• How do I know which supplements to trust?

    There are many supplements on the market that claim to improve symptoms associated with IBS, though very few are backed by clinical evidence.  A knowledgeable healthcare provider such as a gastroenterologist or GI dietitian can help guide you on the options that are safe and appropriate for your personal treatment plan.

Why Trust Verywell Health

Suzie Finkel, MS, RD, CDN is a registered dietitian specializing in the nutritional management of digestive symptoms and diseases.  She holds a master’s degree in nutrition from Columbia University and has trained in numerous clinical gastroenterology settings. As a GI dietitian, she provides evidence-based nutrition services for a wide array of conditions including IBS-C, IBS-D, and IBS-M. Her goal is to demystify nutrition (mis)information and facilitate digestive comfort.

16 Sources
Verywell Health uses only high-quality sources, including peer-reviewed studies, to support the facts within our articles. Read our editorial process to learn more about how we fact-check and keep our content accurate, reliable, and trustworthy.
  1. Stone CB. Irritable bowel syndrome (Ibs). AGA GI Patient Center.

  2. Oświęcimska J, et al. New insights into the pathogenesis and treatment of irritable bowel syndrome. Advances in Medical Sciences. 2017;62(1):17-30. doi:10.1016/j.advms.2016.11.001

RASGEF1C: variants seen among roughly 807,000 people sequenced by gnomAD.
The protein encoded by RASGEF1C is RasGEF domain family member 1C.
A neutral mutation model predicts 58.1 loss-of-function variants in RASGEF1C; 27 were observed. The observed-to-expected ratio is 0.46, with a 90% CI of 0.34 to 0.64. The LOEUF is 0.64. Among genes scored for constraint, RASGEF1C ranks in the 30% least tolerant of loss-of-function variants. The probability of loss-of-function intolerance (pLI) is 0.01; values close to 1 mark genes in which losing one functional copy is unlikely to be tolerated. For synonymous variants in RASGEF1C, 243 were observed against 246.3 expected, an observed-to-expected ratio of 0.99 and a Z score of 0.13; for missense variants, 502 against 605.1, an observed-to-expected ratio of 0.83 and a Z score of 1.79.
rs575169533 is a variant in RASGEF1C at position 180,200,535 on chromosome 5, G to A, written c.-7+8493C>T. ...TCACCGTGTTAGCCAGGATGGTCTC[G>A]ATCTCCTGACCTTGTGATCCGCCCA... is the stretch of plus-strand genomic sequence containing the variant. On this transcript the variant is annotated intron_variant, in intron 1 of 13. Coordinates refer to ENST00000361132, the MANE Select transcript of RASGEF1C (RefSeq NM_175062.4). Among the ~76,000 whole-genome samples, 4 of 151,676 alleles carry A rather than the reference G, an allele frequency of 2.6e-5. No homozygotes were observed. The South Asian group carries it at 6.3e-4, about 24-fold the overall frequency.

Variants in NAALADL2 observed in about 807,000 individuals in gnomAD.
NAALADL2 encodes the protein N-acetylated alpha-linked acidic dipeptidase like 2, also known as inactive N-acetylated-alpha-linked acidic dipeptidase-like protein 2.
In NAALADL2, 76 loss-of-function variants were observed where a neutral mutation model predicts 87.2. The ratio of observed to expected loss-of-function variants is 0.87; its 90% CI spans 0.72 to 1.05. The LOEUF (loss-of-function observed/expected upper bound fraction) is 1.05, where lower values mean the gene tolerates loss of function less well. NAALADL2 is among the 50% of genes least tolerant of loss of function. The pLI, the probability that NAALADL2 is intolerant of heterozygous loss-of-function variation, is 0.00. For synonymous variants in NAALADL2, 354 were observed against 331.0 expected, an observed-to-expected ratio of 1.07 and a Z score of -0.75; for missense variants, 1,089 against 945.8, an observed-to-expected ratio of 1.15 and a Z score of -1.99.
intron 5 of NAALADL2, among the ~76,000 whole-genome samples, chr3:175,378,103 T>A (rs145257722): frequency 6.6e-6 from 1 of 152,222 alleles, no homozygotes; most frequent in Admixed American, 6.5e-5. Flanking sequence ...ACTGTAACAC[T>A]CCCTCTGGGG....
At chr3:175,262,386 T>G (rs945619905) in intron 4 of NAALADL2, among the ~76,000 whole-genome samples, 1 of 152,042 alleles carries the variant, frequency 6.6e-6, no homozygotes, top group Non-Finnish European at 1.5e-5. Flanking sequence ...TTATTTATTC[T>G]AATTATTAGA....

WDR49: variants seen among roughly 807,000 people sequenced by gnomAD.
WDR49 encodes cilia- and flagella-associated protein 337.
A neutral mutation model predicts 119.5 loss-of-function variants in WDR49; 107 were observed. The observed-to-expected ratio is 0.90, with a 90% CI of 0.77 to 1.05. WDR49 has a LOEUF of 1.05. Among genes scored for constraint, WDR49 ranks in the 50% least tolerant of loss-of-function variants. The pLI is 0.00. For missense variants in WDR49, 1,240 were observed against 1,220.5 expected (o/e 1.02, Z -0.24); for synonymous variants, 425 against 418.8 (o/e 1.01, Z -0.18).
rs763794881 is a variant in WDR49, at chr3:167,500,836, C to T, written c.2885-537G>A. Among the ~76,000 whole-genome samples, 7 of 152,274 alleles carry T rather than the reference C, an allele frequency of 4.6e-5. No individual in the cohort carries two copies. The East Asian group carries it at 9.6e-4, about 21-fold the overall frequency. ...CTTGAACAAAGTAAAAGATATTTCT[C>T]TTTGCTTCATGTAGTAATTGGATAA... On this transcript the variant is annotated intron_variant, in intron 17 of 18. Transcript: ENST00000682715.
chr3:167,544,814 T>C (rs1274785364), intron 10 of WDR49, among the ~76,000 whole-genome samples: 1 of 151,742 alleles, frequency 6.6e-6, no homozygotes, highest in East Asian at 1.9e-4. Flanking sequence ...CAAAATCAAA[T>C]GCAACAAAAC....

3. Chey WD, Kurlander J, Eswaran S. Irritable bowel syndrome: a clinical review. JAMA. 2015;313(9):949-958. doi:10.1001/jama.2015.0954

  4. Irritable bowel syndrome. American College of Gastroenterology.

  5. Zeitzoff, L. R., Chey, W. D., Cash, B. D., et al. Peppermint oil is highly effective for the treatment of adults with IBS: Results from a self-reported surveyNestle Health Science FNCE Presentation. 2022.

  6. Peppermint oil. NCCIH.

  7. Grigoleit HG., Grigoleit P. Peppermint oil in irritable bowel syndrome. Phytomedicine. 2005;12(8):601-606. doi:10.1016/j.phymed.2004.10.005

  8. Cash, B. Novel Peppermint Oil Formulation for Dietary Management of Irritable Bowel SyndromeGastroenterology & Hepatology11(9). 2015.

  9. Staudacher, H., & Whelan, K. The low FODMAP diet: Recent advances in understanding its mechanisms and efficacy in IBS. Gut, 2017:66(8), 1517-1527. doi:10.1136/gutjnl-2017-313750

  10. Mori S, Tomita T, Fujimura K, et al. A randomized double-blind placebo-controlled trial on the effect of magnesium oxide in patients with chronic constipation. J Neurogastroenterol Motil. 2019;25(4):563-575. doi:10.5056/jnm18194

  11. Siegel JD, Di Palma JA. Medical treatment of constipation. Clin Colon Rectal Surg. 2005;18(2):76-80. doi:10.1055/s-2005-870887

  12. Brandt LJ, Prather CM, Quigley EMM, Schiller LR, Schoenfeld P, Talley NJ. Systematic review on the management of chronic constipation in North America. Am J Gastroenterol. 2005;100 Suppl 1:S5-S21. doi:10.1111/j.1572-0241.2005.50613_2.x

  13. Lambeau KV, McRorie JW. Fiber supplements and clinically proven health benefits: How to recognize and recommend an effective fiber therapy. J Am Assoc Nurse Pract. 2017;29(4):216-223. doi:10.1002/2327-6924.12447

  14. McRorie JW. Evidence-Based Approach to Fiber Supplements and Clinically Meaningful Health Benefits, Part 1. Nutrition Today. 2015;50(2):82-89. doi:10.1097/nt.0000000000000082

  15. Chiba T, Kudara N, Sato M, et al. Colonic transit, bowel movements, stool form, and abdominal pain in irritable bowel syndrome by treatments with calcium polycarbophil. Hepatogastroenterology. 2005;52(65):1416-1420.

  16. Rome iv criteria. Rome Foundation.